In 2007, the Playstation 3 was released in Europe, this console, heralded as the future of video games, incorporates many new features such as a CELL processor, a BLU-RAY player but also an online service called PlayStation Network, or PSN.
In April 2011, no fewer than 50 millions PS3 consoles had been sold worldwide, and 77 millions PSN accounts created on these consoles.
This online service made it possible to play online but also to chat and enjoy services such as video or audio streaming.
But, in April 2011, on April 20 exactly, PlayStation was forced to shut down its servers and therefore to temporarily close its online service, due to a cyberattack that took place from April 17 to 19.
The precedents of PSN hacks
Before explaining this breakdown and hacking, it is important to know that Sony’s servers are not the first to be hacked and attacked.
In May 2009, a software called Open Remote Play made it possible to use the functionalities of the PlayStation 3 from a computer via the remote play function, while this is officially not possible.
In March 2010, Sony had to update its operating system because hackers managed to put Linux on the console.
In December 2010, a new security flaw appeared in the security of the PS3 at the level of the application signing keys. Hackers, called Fail0verFlow, discovered that a normally random number m was used constantly. Under these conditions, it was enough for this team of hackers to develop an algorithm to go back to the source and discover the keys. Thanks to these public and private keys, the hackers were able to replace the revocation list (when a key is public, it is revoked so that it can no longer be used) with a new list exceeding the normal size and causing an OverFlow (buffer overflow) during console launch at the NOR Flash level, allowing full access to the PS3 system.
January 2, 2011, a hacker, named George Hotz, managed to jailbreak an OS by installing unapproved third-party applications, the next day, George Hotz begins to distribute the jailbreak on his site.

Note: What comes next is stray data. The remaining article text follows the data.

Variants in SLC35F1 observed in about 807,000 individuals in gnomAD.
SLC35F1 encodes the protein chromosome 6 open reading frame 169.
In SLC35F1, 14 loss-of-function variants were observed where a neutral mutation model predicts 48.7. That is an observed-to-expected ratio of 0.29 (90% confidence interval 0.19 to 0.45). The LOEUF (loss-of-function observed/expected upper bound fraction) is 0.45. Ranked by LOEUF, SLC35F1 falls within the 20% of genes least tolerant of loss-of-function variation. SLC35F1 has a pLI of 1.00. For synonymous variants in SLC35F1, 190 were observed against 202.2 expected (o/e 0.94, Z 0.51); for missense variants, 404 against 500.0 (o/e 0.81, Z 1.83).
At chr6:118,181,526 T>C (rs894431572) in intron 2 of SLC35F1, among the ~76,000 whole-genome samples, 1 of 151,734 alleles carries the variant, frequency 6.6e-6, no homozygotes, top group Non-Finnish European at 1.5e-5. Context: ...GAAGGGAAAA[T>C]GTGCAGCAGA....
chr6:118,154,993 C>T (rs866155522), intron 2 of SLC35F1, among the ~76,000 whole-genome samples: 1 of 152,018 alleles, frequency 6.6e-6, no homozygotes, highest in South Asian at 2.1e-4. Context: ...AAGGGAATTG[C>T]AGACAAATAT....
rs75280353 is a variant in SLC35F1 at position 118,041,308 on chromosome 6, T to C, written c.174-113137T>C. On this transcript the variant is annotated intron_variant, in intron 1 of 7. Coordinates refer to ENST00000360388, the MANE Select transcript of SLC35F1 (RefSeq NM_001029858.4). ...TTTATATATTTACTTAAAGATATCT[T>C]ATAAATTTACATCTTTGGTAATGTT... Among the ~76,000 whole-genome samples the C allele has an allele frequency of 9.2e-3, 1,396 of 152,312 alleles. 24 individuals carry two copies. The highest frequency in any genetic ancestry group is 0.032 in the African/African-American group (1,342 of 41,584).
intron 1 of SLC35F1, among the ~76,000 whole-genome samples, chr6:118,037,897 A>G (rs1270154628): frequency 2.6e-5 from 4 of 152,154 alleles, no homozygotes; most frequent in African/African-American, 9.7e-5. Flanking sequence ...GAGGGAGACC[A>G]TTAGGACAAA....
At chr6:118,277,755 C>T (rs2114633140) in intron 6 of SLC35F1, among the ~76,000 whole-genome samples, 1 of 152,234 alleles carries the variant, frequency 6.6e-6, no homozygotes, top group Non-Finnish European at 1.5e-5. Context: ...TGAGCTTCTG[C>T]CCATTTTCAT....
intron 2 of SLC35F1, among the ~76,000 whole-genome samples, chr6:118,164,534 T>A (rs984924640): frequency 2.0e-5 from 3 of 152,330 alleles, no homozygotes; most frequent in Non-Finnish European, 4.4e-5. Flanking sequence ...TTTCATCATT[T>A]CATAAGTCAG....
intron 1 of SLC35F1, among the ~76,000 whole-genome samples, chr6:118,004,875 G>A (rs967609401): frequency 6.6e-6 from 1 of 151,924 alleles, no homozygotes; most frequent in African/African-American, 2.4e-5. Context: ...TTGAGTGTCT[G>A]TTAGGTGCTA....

On January 11, 2011, following this distribution, Sony decided to file a complaint against George Hotz. At the beginning of April, the Anonymous group attacked Sony’s servers to protest against this complaint. On April 11, 2011, it was revealed that Hotz and Sony had reached an out-of-court settlement. This included a permanent injunction against Hotz for any pirating work on all Sony’s products.
Between April 17 and 19 of that same year, the PlayStation Network suffered from an unprecedented attack, an external intrusion that would cause major problems.
The breakdown and the silence of Sony
The external intrusion, which took place between April 17 and 19, 2011, led to a PSN’s outage. Indeed, users trying to connect to the online service on the PS3 received an alert message stating “under maintenance”. On April 20, gamers were unaware that Sony’s servers were attacked. Sony communicated, via the official PlayStation blog, that they were “aware that certain PlayStation Network features” were down.
On April 21, 2011, Sony asked players to be patient and that online functionalities would return within 2-3 days, and claimed that no data was leaked, banking or not.
However, the following April 26, a week after the servers were shut down, Sony contradicted itself and stated that it “did not rule out a possible” potential data leak. Sony has acknowledged the “compromising of personal information as a result of unlawful intrusion into our systems”. This leak includes :
- Email address
- Mailing address
- Credit card datas
On May 1, 2011, the servers were still not back, but Sony announced the “Welcome Back” program announcing that services would return the week following May 1.
Official statement and revelations
On May 2, 2011, Sony finally decides, after two weeks of server shutdown, to issue an official press release announcing that the online servers have been taken offline for maintenance due to activities potentially related to criminal hacking.
Sony also indicates that more than 12,000 encrypted non-US credit card numbers and 24.7 millions accounts were accessed and recovered by hackers.
During this week, Sony sent a letter to the US House of Representatives, responding to questions and concerns about the event. In the letter, Sony said it would provide identity theft insurance policies in the amount of $1 million per user of PlayStation Network services, although there were no reports of credit card fraud.